is a marine biologist, consultant and internationally recognized authority in ethics, conservation and development. He is the author of five books including Calorie Wars: Fat, Fact and Fiction (July 2011), and A New Moral Code (2010). Dr. Schweitzer has spoken at numerous international conferences in Asia, Russia, Europe and the United States.Dr. Schweitzer's work is based on his desire to introduce a stronger set of ethics into American efforts to improve the human condition worldwide. He has been instrumental in designing programs that demonstrate how third world development and protecting our resources are compatible goals. His vision is to inspire a framework that ensures that humans can grow and prosper indefinitely in a healthy environment.Formerly, Dr. Schweitzer served as an Assistant Director for International Affairs in the Office of Science and Technology Policy under former President Clinton. Prior to that, Dr. Schweitzer served as the Chief Environmental Officer at the State Department's Agency for International Development. In that role, he founded the multi-agency International Cooperative Biodiversity Group Program, a U.S. Government that promoted conservation through rational economic use of natural resources.Dr. Schweitzer began his scientific career in the field of marine biology. He earned his Ph.D. from Scripps Institution of Oceanography at the University of California, San Diego. He expanded his research at the Center for Learning and Memory at the University of California, Irvine. While at U.C. Irvine he was awarded the Science, Engineering and Diplomacy Fellowship from the American Association for the Advancement of Science.Dr. Schweitzer is a pilot and he founded and edited the Malibu Mirage, an aviation magazine dedicated to pilots flying these single-engine airplanes. He and his wife Sally are avid SCUBA divers and they travel widely to see new wildlife, never far from their roots as marine scientists..To learn more about Dr Schweitzer, visit his website at http://www.JeffSchweitzer.com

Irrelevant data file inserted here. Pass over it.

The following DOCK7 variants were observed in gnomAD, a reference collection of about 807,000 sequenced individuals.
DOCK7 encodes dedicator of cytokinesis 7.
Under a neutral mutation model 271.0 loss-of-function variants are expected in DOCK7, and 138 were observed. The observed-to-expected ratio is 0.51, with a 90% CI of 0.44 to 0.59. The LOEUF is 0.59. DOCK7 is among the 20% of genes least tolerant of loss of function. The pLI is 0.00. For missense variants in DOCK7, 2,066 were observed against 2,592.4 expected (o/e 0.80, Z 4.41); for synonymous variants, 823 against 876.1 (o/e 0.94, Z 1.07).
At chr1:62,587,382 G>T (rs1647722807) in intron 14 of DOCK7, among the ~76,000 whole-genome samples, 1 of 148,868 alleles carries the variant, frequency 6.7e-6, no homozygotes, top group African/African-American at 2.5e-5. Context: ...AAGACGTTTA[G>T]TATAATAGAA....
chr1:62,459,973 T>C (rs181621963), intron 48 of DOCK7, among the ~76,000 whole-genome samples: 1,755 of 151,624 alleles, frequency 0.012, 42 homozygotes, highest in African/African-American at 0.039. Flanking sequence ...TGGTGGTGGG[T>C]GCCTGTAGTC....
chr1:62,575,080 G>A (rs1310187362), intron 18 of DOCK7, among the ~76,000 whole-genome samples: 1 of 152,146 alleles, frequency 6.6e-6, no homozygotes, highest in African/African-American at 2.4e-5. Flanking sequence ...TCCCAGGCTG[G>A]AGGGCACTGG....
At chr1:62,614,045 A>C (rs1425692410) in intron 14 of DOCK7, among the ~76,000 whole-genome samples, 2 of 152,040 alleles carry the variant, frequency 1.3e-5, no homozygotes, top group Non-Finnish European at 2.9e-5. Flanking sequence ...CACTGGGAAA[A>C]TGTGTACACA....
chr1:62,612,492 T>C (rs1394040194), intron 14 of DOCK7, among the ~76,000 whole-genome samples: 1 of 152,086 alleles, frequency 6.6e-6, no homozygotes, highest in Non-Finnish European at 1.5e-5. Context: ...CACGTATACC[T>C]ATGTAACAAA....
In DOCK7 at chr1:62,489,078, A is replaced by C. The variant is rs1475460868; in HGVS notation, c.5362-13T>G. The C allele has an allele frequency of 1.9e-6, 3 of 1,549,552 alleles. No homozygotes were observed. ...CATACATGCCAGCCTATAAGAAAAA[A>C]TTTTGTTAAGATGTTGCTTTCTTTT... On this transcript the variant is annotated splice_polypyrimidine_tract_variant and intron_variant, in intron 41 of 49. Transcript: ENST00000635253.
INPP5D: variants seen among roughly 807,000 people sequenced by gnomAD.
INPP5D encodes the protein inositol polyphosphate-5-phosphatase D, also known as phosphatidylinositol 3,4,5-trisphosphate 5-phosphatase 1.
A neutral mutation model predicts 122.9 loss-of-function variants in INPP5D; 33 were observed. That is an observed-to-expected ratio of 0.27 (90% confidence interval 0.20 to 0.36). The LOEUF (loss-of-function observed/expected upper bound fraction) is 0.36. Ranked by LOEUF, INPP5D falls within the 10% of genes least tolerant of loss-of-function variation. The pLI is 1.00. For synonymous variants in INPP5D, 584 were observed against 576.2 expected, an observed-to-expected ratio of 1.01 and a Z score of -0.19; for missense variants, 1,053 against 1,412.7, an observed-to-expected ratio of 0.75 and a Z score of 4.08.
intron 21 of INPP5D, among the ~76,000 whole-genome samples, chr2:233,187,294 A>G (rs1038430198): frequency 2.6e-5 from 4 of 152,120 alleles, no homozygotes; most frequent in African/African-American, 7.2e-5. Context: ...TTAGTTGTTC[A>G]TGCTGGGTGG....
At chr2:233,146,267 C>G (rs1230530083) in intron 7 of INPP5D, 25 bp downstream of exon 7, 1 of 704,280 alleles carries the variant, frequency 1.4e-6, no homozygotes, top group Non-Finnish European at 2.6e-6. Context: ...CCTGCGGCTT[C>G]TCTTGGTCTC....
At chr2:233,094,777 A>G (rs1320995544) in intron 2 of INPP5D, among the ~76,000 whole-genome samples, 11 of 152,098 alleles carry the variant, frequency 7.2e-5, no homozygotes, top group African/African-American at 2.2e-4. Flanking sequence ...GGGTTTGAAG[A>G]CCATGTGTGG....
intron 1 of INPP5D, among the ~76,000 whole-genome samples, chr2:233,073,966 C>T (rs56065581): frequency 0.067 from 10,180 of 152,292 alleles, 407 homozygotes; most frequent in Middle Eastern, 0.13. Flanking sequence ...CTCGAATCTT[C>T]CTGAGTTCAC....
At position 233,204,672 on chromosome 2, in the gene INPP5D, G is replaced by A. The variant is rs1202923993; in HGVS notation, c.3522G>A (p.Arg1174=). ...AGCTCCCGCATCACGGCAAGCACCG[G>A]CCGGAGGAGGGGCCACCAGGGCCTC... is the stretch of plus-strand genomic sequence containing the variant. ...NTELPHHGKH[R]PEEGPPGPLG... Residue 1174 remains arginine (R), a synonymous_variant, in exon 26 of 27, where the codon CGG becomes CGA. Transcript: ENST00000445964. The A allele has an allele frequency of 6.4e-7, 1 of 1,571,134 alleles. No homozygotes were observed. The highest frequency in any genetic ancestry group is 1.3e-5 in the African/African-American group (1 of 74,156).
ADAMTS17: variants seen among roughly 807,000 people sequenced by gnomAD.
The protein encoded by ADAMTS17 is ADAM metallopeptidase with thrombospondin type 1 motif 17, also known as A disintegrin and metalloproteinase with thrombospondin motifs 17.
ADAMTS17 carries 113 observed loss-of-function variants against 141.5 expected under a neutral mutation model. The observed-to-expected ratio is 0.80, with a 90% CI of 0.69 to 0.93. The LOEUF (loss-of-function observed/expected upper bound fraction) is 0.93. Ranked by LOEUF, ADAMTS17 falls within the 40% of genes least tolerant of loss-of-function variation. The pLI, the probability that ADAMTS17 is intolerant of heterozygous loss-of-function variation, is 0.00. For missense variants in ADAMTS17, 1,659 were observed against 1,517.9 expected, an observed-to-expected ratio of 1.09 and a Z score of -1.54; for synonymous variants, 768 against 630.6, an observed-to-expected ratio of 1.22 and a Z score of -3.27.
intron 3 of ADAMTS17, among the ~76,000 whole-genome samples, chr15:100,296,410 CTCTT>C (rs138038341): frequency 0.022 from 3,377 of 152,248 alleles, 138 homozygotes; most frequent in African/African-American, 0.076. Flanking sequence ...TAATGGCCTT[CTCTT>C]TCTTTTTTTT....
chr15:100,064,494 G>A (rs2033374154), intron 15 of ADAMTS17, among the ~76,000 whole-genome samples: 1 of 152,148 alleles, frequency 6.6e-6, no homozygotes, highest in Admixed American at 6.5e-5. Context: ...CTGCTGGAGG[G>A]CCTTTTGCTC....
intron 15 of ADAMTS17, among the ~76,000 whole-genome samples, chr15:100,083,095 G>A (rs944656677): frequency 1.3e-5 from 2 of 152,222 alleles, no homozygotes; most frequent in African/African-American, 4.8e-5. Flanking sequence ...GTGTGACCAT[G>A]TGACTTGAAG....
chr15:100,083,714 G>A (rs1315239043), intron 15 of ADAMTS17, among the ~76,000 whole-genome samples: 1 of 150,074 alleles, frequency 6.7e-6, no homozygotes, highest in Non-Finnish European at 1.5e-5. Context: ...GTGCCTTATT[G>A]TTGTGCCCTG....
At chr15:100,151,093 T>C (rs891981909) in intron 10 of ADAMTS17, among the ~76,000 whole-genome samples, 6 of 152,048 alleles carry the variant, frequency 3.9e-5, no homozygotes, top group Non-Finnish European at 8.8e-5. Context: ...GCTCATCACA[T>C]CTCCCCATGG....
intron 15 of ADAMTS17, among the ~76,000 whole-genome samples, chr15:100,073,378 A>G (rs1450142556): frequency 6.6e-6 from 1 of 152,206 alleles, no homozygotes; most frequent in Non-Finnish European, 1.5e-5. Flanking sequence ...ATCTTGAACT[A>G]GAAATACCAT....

.

To follow Jeff Schweizer on Twitter, please click here.

For Jeff Schweitzer web site, please click here.

Below link to Amazon for Jeff Schweitzer's latest book.


TO FOLLOW WHAT'S NEW ON FACTS & ARTS, PLEASE CLICK HERE!





 


This article is brought to you by the author who owns the copyright to the text.

Should you want to support the author’s creative work you can use the PayPal “Donate” button below.

Your donation is a transaction between you and the author. The proceeds go directly to the author’s PayPal account in full less PayPal’s commission.

Facts & Arts neither receives information about you, nor of your donation, nor does Facts & Arts receive a commission.

Facts & Arts does not pay the author, nor takes paid by the author, for the posting of the author's material on Facts & Arts. Facts & Arts finances its operations by selling advertising space.

 

 

Browse articles by author

More Essays

Nov 19th 2021
EXTRACTS: "At a time when the struggle between authoritarianism and democracy is so intense, if not fateful for the future of democracies, NATO and the EU must warn these countries [Editor's note: Poland and Hungary, EU and NATO, Turkey NATO] that they are on the precipice of being kicked out if they do not change their governing practice. They must be required to restore the principles of democracy by upholding universal human rights and abiding the rule of law, or else they will forfeit their membership and suffer from the consequences of their crimes." ------ "A narcissistic leader, such as Trump, whose hunger for power seems to know no limit, has happily sacrificed the good of the country on the altar of his twisted ego. America’s democracy cannot be repaired unless he and those who helped him are held accountable and face the weight of the law."
Nov 18th 2021
EXTRACT: "Many people who go through intense trauma, for example, become deeper and stronger than they were before. They may even undergo a sudden and radical transformation that makes life more meaningful and fulfilling. Indeed, research shows that between half and one-third of all people experience significant personal development after traumatic events, such as bereavement, serious illness, accidents or divorce. Over time, they may feel a new sense of inner strength and confidence and gratitude for life and other people. They may develop more intimate and authentic relationships and have a wider perspective, with a clear sense of what is important in life and what isn’t. In psychology, this is referred to as “post-traumatic growth”. "
Nov 11th 2021